The U.S. Environmental Protection Agency announced it was replacing the "Waters of the United States" with the Navigable Waters Protection Rule. The new rule will reduce federal jurisdiction over many seasonal streams, small waterways and wetlands. It will provide greater certainty to farmers and ranchers. This is the largest rollback of federal jurisdiction since the Clean Water Act was passed in 1972.
Federal jurisdiction will now cover four categories of waters:
- Territorial seas and traditional navigable waters
- Perennial and intermittent tributaries to those waters
- Certain lakes, ponds and impoundments
- Wetlands adjacent to jurisdictional waters
The final rule also details 12 categories of exclusions, features that are not "WOTUS," such as features that "only contain water in direct response to rainfall (e.g., ephemeral features); groundwater; many ditches, including most farm and roadside ditches; prior converted cropland; farm and stock watering ponds; and waste treatment systems."
The new rule has been widely praised by the agricultural community:
American Farm Bureau Federation president Zippy Duvall says, "It provides clarity and certainty, allowing farmers to understand water regulations without having to hire teams of consultants and lawyers."
National Pork Producers Council president David Herring says, "Today's action balances the role of federal, state and local authorities, protects property rights and provides clarity for farmers like me, while providing regulatory certainty to our farmers and businesses."
National Cattlemen's Beef Association president Jennifer Houston says, "This is the last regulatory step in a long-fought battle to repeal the 2015 Waters of the U.S. rule and replace it with common-sense regulation. The 2015 WOTUS rule was an illegal effort to assert control over private property - and we fought to have it repealed - but it also needs to be replaced, and today's action is the last step in that process."
Not all groups were pleased with the rule and have threatened legal action.
National Wildlife Federation president and CEO Collin O'Mara, says, "At a time when communities across the country are desperately trying to clean up polluted waters and one-third of wildlife species are at a heightened risk of extinction, this misguided rule places our drinking water, our wildlife and our nation's way of life further at risk.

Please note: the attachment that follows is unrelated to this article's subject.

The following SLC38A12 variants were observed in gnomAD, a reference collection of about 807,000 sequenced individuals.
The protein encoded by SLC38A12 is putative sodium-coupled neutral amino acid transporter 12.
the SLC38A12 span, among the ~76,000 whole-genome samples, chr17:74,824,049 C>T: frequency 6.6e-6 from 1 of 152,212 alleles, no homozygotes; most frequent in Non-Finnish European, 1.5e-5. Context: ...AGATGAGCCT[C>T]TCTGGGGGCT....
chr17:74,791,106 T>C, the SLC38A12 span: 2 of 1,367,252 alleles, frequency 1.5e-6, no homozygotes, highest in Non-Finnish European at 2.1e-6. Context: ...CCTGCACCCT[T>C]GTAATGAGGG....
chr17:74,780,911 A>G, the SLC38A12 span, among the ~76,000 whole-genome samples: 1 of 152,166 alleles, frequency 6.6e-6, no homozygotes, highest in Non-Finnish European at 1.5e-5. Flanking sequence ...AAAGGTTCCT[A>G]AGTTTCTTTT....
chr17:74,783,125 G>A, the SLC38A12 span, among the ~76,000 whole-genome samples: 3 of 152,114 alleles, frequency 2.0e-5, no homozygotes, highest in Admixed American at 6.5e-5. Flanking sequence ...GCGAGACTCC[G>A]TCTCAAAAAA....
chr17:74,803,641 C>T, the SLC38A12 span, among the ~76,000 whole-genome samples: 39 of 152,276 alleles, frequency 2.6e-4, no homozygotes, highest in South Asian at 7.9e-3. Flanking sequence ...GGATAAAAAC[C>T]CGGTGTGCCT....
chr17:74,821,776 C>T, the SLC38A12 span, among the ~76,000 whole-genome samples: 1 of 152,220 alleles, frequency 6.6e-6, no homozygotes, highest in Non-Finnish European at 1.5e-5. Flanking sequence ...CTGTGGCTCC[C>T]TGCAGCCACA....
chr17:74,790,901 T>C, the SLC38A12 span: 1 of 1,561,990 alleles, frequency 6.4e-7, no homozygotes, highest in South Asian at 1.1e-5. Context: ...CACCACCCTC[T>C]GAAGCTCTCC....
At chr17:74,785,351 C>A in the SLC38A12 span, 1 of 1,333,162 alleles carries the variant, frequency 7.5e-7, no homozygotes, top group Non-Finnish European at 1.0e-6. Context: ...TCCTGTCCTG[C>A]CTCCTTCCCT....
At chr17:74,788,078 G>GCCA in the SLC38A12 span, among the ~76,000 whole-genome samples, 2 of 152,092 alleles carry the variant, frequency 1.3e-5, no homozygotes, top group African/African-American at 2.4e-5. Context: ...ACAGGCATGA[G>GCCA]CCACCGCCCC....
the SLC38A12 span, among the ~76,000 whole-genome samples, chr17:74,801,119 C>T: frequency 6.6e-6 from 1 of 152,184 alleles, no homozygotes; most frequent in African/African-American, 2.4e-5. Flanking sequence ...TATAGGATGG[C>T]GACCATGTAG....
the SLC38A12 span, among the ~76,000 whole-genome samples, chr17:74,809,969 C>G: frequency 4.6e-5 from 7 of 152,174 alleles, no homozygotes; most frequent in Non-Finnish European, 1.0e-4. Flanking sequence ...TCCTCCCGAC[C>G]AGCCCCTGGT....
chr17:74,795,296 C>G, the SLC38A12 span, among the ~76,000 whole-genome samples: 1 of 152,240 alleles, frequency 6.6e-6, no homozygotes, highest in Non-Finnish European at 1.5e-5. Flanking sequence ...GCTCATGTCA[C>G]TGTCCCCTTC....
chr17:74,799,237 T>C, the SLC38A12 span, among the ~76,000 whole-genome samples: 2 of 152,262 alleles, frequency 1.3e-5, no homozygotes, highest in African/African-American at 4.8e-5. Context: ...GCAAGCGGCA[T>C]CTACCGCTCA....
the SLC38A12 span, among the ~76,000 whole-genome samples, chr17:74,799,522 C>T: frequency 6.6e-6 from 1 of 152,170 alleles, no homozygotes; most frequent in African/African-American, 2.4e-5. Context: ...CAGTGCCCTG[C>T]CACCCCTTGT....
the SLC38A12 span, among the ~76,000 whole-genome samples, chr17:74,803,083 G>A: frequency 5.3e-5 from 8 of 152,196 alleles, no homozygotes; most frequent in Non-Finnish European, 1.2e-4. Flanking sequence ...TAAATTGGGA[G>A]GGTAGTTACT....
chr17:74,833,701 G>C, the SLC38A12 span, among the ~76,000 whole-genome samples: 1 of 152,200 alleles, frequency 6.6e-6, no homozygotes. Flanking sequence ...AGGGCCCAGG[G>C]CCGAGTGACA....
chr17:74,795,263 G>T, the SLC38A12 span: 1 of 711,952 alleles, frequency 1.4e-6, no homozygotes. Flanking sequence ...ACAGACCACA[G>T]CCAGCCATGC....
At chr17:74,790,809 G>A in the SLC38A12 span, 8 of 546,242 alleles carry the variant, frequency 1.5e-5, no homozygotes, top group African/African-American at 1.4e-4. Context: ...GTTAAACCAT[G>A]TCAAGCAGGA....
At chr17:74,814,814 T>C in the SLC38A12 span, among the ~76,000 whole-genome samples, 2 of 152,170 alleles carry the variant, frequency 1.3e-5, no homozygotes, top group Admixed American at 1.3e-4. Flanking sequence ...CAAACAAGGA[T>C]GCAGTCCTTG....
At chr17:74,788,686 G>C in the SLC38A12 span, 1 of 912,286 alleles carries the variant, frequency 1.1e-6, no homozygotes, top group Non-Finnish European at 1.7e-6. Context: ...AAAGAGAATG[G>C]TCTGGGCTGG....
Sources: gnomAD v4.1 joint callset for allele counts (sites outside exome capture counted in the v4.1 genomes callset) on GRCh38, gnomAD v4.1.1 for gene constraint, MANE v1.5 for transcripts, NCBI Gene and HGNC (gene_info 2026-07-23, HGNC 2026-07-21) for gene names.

"Since the Administration refuses to protect our waters, we have no choice but to ask the courts to require the EPA to follow the law. We simply cannot afford to lose protections for half of our remaining wetlands, nor can we take any unnecessary chances with our drinking water."
National Resources Defense Council president and CEO Gina McCarthy says, "This effort neglects established science and poses substantial new risks to people's health and the environment. We will do all we can to fight this attack on clean water. We will not let it stand."
WOTUS was one of the most controversial rules of the Obama administration with agricultural producers.
Checkoffs should be more accountable
Congresswoman Dina Titus (D-NV) has introduced the "Opportunities for Fairness in Farming Act" to bring greater accountability and transparency to checkoff programs.
The legislation would prevent USDA checkoff programs from paying organizations that lobby on agricultural issues, prohibit anticompetitive behavior, ban activity that involves a conflict of interest and require audits to ensure compliance.
Titus says, "The USDA's checkoff programs have operated without sufficient oversight for far too long – and this legislation will bring much-needed accountability and transparency. Family farmers should not be forced to pay into organizations that sometimes lobby against their own interests and threaten animal welfare."
Checkoff reform legislation has been introduced in the past, but no legislative action was taken by Congress.
Trump to Sign USMCA
President Trump plans to sign the U.S.-Mexico-Canada Agreement on Wednesday at a White House ceremony. Canadian Prime Minister Justin Trudeau announced that Canadian government will unveil legislation on Jan. 29 to ratify USMCA and the Parliament will then move forward to ratify the agreement.
Brexit to happen Jan. 31
The United Kingdom will officially leave the European Union on Jan. 31, ending a 47-year relationship with the EU. The Trump administration has indicated it would like to complete a trade agreement with the UK this year.